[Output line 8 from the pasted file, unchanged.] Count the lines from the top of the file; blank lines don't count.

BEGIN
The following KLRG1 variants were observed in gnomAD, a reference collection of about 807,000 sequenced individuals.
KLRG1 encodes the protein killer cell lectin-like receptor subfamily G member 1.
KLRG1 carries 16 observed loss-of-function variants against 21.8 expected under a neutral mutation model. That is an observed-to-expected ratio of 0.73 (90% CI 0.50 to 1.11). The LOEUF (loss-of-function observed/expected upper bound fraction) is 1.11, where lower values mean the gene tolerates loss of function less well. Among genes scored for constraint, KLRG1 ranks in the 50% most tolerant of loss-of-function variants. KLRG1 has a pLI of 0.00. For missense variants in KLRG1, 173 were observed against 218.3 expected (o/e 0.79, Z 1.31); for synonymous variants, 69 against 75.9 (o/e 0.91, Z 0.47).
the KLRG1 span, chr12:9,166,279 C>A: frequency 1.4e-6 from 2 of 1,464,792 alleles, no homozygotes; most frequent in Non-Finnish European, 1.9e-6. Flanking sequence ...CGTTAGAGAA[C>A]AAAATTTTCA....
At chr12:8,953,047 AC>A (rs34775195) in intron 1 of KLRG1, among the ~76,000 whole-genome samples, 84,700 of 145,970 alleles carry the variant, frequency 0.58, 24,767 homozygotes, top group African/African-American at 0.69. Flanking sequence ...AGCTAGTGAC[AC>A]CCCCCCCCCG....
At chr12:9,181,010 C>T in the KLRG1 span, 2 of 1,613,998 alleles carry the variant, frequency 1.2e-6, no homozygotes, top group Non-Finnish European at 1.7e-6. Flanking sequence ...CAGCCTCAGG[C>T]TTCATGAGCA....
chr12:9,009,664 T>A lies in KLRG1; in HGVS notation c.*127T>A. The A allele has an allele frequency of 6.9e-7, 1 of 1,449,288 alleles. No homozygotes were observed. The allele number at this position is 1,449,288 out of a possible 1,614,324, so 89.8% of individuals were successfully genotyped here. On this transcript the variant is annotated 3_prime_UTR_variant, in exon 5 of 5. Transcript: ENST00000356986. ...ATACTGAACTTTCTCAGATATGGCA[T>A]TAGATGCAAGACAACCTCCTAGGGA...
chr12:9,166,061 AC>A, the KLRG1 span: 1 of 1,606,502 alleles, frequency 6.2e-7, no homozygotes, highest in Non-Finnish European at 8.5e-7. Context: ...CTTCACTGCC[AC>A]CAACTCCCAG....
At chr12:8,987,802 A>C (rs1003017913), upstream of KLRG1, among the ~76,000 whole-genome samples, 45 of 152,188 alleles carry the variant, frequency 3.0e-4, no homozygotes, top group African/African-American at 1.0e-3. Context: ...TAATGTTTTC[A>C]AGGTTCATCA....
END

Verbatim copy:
chr12:9,166,061 AC>A, the KLRG1 span: 1 of 1,606,502 alleles, frequency 6.2e-7, no homozygotes, highest in Non-Finnish European at 8.5e-7. Context: ...CTTCACTGCC[AC>A]CAACTCCCAG....